It's hard not to see what Dianne is doing since she has become one of the rising stars in the industry. She is a respected teacher and advocate in workshops, trainings, online videos, and her prolific writing, as seen in her contributions to many publications including Yoga International, Do You Yoga, and Elephant Journal, and published work in the books: Yoga and Body Image, and Yes Yoga Has Curves. She is featured and profiled in international media outlets such as The Guardian, Huffington Post, Cosmopolitan, and People to name a few.
Her resume in advocacy continues with her collaboration with Pennington’s, Gaiam, and the Yoga & Body Image Coalition. She is the founder and CEO at Dianne Bondy Yoga, Inc., Yogasteya online yoga classes and community, and Yoga For All Online Trainings. She conducts yoga retreats, workshop presentations, and has many public speaking events throughout the year
We are so excited for Dianne will bring her dynamic energy to this year's festival as a major presenter! Dianne will conduct an all-day intensive on Friday; “Making Yoga Accessible; The Art and Science of Teaching Accessible Yoga Classes to Different Populations” for 5 CEUs, two sessions on Saturday; “How to Serve Your Students – The Power to Serve!”, and “The Path to Empowerment: Body Acceptance, Body Love, and Body Equity.” She will also teach a Sunday session; “Yoga, Body Image and Social Justice.” These workshops are not to be missed!
Dianne had a few minutes in her demanding schedule to answer some questions about her work as a “yoga for all” trailblazer. Her answers are so inspiring that I’m sure you will be just as excited about meeting her and learning what you can from this celebrated teacher.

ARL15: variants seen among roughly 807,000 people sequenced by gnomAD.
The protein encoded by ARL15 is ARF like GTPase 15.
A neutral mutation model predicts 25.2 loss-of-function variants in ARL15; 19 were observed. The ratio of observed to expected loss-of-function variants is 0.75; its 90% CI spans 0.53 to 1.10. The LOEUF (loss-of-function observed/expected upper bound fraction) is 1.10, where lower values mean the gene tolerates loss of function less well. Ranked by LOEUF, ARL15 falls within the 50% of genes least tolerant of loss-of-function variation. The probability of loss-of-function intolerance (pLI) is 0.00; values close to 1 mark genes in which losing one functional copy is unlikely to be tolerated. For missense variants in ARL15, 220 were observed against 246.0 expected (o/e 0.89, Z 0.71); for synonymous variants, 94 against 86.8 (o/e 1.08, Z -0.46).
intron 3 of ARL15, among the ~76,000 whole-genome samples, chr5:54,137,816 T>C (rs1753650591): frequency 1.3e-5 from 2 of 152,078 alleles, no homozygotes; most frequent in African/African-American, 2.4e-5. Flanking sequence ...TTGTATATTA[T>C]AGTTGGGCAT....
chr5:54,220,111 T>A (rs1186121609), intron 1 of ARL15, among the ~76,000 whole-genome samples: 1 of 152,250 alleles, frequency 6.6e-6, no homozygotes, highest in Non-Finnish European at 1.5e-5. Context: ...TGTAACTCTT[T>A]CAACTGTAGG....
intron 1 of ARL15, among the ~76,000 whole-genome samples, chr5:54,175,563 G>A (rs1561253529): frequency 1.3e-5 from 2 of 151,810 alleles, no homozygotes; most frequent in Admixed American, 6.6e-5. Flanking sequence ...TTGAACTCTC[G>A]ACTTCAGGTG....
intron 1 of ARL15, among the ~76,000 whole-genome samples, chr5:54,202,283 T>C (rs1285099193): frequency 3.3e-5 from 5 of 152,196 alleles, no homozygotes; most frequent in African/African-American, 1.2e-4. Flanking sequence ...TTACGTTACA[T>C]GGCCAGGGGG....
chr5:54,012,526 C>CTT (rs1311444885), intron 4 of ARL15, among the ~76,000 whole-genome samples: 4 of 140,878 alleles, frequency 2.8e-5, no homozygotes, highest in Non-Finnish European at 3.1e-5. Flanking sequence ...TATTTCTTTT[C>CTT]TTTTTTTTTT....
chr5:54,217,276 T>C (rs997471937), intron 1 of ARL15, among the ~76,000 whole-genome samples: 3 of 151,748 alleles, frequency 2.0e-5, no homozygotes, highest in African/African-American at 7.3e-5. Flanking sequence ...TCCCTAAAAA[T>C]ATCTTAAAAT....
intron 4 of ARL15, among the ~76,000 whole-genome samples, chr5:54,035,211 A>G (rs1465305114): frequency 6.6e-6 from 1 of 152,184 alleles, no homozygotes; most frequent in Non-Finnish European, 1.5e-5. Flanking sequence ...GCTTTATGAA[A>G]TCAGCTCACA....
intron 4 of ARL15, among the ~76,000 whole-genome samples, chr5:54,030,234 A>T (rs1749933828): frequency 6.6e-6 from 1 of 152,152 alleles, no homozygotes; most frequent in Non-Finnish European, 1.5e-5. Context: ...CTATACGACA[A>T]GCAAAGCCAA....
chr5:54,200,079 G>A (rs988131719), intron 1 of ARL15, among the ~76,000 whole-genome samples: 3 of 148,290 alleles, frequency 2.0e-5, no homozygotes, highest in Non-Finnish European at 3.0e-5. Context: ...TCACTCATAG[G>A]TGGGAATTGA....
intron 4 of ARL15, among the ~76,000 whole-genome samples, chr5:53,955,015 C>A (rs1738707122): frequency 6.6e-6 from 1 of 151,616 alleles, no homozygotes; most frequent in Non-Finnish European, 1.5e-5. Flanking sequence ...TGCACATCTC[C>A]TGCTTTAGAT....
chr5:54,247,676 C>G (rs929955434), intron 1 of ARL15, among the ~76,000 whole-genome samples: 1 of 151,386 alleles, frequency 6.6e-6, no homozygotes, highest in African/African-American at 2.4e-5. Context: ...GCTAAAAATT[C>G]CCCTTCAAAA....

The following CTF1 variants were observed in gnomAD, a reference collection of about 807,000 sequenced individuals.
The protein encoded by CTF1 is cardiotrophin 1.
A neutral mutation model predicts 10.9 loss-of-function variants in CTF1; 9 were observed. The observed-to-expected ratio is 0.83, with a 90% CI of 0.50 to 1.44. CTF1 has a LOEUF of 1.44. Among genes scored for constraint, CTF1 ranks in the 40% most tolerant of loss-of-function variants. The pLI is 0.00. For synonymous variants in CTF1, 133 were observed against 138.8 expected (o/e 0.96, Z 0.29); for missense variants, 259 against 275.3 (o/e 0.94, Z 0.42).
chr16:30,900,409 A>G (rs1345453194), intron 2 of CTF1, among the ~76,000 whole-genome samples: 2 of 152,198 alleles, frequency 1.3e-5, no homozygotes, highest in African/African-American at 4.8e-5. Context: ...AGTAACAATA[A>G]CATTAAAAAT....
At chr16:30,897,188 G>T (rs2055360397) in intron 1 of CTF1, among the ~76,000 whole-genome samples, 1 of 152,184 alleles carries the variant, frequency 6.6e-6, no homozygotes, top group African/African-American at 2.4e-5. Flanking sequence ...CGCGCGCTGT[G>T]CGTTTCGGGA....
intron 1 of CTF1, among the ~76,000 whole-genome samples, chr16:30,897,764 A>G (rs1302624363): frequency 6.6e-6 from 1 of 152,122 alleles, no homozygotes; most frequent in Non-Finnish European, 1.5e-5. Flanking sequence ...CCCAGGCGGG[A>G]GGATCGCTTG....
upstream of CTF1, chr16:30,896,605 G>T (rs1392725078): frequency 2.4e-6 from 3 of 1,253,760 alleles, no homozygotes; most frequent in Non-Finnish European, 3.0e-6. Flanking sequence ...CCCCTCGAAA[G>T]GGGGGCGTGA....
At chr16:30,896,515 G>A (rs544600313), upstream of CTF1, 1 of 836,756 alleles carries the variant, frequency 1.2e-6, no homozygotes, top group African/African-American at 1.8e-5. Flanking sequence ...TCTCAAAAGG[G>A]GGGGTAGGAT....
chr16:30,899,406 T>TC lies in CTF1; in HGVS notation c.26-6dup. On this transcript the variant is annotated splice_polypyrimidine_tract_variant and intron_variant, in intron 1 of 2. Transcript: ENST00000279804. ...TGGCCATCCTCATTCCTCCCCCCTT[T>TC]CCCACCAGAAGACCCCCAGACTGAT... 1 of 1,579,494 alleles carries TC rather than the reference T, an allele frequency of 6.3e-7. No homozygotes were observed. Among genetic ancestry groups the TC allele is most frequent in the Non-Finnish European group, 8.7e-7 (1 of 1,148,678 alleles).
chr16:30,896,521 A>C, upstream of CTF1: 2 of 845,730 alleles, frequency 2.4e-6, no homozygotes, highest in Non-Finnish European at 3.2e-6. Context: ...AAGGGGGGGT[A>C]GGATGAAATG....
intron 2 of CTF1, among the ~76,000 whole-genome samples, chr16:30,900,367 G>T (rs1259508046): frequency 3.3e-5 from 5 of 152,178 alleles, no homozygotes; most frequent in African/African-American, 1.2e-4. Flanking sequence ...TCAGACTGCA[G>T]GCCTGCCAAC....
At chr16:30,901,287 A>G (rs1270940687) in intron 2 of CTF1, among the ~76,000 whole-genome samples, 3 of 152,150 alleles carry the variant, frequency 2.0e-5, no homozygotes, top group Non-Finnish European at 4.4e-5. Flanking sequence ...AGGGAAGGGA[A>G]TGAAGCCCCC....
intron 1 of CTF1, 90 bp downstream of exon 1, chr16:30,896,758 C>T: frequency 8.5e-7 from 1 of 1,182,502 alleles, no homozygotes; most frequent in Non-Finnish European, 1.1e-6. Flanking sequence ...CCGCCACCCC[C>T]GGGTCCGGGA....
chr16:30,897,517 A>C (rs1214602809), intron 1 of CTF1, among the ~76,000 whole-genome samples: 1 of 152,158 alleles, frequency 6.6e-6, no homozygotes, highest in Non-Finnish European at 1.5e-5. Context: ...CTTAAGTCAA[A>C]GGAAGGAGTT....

"I am so encouraged (especially during these times) that there are disruptors and agitators who are showing society, media, and spaces of yoga that yoga should be inclusive and be used as a tool for uniting us, instead of dividing." - Dianne Bondy
Many consider you a “trailblazer” in the yoga industry. You’ve welcomed in people of all shapes, sizes, ethnicities, and abilities, opened doors to yoga that people felt unwelcomed in until you made it ok. Do you see yourself as a trailblazer? Who or what inspired you? Did you have a role model that helped shape your message, style and mission as a teacher?
I do love the idea of blazing a trail for people to find and follow. I think all of us do that in some aspects of our lives. I was just really tired of being the only fat, black person at yoga and I felt that so many people were missing out because of this limited stereotype of what yoga looked like. I was ready to introduce it to more people which is why I took teacher training. I wanted to make this practice more accessible in every way; physically, spiritually, financially and locally. I am inspired by anyone who isn’t ashamed to put themselves out there. I was influenced by my mother who introduced me to the practice, my yoga teacher Linda Makowski of Namaste Yoga in Royal Oak who created a very inclusive space which I really felt at home, and Betsey Downing who taught me the value of progressive teaching. One of the very first plus sized yoga teachers I encountered was Anna Guest Jelley. Her unapologetic practice illustrated to me that there were more curvy, large and plus sized bodies that needed yoga. Her work continues to inspire me as well as Michael Hayes of Buddha Body Yoga, and Amber Karnes of Body Positive Yoga.
You have published many articles and done many interviews, workshops, videos…is it the yoga industry that recognized the need for your message or is it the many people who wanted to practice yoga but felt unwelcome who have finally found an advocate in the yoga industry?